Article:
That Mr. Rhodes was a man of courage and indomitable spirit needs no reiteration, for the trials which he passed through in the course of his career mark him as an unusual man, for few there are who could pass through experiences similar to his and still maintain his optimism and sweetness of spirit. In speaking of the events that had come into his life he singled out those that occurred during the year of 1855-56 as being the most disastrous. It was in that year that he signed State Treasurer Bates' official bond for $100,000. Bates, through a misappropriation of the state's money by a subordinate, became short in his accounts to the state and suit for the recovery of the money was imminent. Mr. Rhodes' depositors naturally became alarmed and before he was able to realize sufficient funds from other sources to meet the drafts on his institution he was forced to suspend payment. The silver lining to this dark cloud was the fact that all of the demands made upon him were subsequently discharged, and that he at no time took advantage of the bankrupt law or the statute of limitations to pay his debts. His operations in real estate, with the exception of the losses by fire, were uniformly profitable and did much to relieve him from the embarrassment that threatened him in other lines.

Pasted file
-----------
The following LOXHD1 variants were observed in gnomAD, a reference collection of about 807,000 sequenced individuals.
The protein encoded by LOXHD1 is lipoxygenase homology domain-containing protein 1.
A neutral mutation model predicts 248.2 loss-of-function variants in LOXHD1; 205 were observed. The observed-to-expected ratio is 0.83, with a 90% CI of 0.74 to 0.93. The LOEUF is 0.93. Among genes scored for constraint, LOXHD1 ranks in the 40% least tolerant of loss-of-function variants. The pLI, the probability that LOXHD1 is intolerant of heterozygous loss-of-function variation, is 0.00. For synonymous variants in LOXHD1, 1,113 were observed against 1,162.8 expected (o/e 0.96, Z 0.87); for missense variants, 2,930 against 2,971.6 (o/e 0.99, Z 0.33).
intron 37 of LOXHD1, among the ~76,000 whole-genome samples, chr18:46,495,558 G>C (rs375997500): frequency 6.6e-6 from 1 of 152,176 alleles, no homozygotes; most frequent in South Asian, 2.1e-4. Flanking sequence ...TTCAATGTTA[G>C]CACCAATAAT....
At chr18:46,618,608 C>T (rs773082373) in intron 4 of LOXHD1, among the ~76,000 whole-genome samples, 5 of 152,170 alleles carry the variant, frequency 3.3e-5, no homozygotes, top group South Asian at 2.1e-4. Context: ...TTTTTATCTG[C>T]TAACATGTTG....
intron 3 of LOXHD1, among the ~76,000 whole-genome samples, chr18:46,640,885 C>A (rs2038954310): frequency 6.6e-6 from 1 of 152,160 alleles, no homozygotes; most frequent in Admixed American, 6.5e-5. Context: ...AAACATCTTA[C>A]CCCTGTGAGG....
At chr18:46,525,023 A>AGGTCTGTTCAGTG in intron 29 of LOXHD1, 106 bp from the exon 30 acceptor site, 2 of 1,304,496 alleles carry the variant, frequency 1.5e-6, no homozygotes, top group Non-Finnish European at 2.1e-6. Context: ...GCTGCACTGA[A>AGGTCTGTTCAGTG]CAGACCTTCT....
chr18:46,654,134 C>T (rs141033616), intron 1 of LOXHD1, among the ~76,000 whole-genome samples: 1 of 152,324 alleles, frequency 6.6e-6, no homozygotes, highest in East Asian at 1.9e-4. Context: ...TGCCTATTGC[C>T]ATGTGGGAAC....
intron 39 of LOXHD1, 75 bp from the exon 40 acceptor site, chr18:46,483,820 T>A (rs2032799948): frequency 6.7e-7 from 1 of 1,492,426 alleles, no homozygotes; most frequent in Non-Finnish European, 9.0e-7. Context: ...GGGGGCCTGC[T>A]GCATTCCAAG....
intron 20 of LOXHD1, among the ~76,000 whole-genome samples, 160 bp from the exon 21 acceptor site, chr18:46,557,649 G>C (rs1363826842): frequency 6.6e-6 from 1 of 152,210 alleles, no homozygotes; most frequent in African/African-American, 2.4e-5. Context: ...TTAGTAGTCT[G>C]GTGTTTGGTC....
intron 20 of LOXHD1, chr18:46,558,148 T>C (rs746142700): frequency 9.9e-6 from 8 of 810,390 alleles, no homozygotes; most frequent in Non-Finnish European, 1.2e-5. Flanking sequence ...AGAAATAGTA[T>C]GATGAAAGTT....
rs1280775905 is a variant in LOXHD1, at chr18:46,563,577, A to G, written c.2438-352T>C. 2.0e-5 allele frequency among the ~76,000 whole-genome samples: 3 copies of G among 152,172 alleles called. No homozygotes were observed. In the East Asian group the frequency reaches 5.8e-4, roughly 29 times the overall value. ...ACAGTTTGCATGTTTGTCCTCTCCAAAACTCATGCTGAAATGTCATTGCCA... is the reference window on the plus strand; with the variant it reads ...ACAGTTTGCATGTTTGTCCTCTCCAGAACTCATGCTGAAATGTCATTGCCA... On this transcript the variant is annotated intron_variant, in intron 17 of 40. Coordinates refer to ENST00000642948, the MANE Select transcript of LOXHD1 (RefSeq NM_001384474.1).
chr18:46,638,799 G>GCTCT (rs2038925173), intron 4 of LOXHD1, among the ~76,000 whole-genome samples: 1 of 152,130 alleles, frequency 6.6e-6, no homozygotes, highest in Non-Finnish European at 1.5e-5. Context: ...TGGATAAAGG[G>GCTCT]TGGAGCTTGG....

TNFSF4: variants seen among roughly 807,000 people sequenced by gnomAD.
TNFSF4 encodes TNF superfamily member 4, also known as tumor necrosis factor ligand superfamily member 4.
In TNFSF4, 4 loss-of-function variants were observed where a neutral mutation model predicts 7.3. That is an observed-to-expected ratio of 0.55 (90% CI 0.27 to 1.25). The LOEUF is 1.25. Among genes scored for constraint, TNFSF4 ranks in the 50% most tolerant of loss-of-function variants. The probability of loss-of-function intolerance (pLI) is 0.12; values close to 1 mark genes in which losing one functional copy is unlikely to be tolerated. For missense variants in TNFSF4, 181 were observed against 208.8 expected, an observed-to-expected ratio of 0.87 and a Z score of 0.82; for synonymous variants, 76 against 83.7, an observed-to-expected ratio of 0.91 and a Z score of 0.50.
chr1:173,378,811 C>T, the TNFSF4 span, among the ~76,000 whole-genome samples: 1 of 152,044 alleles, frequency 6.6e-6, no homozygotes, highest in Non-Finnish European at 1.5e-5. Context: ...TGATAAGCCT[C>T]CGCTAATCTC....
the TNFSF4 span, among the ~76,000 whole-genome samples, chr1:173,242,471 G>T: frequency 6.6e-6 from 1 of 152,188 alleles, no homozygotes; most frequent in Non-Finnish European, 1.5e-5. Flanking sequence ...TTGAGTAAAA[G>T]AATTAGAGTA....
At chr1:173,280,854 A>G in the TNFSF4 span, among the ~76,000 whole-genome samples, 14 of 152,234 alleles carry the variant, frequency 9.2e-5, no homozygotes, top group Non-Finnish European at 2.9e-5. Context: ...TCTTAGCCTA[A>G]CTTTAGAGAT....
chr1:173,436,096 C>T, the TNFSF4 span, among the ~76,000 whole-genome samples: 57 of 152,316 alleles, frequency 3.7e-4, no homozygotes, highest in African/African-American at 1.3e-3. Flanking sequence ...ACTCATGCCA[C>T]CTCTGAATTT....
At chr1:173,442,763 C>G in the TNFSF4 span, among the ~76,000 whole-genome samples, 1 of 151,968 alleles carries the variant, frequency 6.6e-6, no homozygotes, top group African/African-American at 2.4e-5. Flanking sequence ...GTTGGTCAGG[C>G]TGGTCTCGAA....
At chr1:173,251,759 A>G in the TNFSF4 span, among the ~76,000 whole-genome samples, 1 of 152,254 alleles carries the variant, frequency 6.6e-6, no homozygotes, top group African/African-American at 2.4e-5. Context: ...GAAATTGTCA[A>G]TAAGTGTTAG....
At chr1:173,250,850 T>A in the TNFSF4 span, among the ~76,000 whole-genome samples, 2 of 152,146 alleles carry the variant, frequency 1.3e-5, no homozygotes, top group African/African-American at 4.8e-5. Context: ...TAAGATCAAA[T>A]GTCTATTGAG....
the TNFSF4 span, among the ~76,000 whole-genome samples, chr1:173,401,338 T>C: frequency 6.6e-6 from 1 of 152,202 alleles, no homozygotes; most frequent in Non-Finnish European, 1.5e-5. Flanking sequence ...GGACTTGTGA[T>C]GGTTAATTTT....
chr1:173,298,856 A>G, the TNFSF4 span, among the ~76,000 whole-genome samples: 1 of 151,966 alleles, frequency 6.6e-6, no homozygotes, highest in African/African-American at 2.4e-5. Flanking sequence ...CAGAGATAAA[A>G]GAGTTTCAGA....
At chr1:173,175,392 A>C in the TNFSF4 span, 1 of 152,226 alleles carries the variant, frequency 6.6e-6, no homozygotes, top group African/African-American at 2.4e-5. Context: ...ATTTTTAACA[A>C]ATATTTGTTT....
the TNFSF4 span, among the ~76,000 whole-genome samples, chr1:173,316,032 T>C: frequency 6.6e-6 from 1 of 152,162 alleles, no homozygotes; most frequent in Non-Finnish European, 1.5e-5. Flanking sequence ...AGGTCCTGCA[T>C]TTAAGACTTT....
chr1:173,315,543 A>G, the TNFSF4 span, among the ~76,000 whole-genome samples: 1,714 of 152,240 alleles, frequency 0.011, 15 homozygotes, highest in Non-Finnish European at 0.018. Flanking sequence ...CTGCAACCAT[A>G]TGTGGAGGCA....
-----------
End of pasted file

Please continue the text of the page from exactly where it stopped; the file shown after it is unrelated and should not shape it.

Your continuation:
In 1878 Mr. Rhodes was elected a member of the constitutional convention that drafted the present constitution of the state. He was peculiarly fitted for the position, and his co-workers gave him credit for a great deal that was accomplished in the stupendous work of drafting the constitution. He was a fluent speaker and he spoke from the rostrum frequently in favor of the adoption of the constitution.

Having disposed of his property in Yolo county, in 1883 Mr. Rhodes removed to Lassen county, Cal., and being deeply impressed with the beauty of the green meadows and the beautiful mountain brooks he determined to make his home there. In this quiet spot he purchased a stock ranch of seventeen hundred and eighty-eight acres in Long valley, a fitting place in which to pass the remaining years of his useful life. To the end he took an optimistic view of life, accepting the bitter with the sweet, and 'n his passing, August 4, 1908, at Reno, Nev., one of God's noblemen was called to his reward.